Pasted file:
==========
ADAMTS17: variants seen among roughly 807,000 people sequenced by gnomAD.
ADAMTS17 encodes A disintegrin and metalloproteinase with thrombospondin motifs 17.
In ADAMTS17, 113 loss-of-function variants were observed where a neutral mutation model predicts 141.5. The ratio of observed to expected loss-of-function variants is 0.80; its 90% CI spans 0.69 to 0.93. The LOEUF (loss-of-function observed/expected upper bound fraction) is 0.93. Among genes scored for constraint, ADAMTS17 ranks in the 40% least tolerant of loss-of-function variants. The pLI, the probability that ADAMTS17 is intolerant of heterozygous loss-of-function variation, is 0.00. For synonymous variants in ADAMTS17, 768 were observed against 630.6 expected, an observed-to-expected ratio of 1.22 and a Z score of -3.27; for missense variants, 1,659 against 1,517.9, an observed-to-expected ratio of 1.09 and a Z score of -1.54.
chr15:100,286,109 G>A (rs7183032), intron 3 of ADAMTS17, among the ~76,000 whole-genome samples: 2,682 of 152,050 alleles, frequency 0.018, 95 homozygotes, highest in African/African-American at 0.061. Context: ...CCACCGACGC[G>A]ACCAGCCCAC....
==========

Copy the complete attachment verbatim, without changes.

ADAMTS17: variants seen among roughly 807,000 people sequenced by gnomAD.
ADAMTS17 encodes A disintegrin and metalloproteinase with thrombospondin motifs 17.
In ADAMTS17, 113 loss-of-function variants were observed where a neutral mutation model predicts 141.5. The ratio of observed to expected loss-of-function variants is 0.80; its 90% CI spans 0.69 to 0.93. The LOEUF (loss-of-function observed/expected upper bound fraction) is 0.93. Among genes scored for constraint, ADAMTS17 ranks in the 40% least tolerant of loss-of-function variants. The pLI, the probability that ADAMTS17 is intolerant of heterozygous loss-of-function variation, is 0.00. For synonymous variants in ADAMTS17, 768 were observed against 630.6 expected, an observed-to-expected ratio of 1.22 and a Z score of -3.27; for missense variants, 1,659 against 1,517.9, an observed-to-expected ratio of 1.09 and a Z score of -1.54.
chr15:100,286,109 G>A (rs7183032), intron 3 of ADAMTS17, among the ~76,000 whole-genome samples: 2,682 of 152,050 alleles, frequency 0.018, 95 homozygotes, highest in African/African-American at 0.061. Context: ...CCACCGACGC[G>A]ACCAGCCCAC....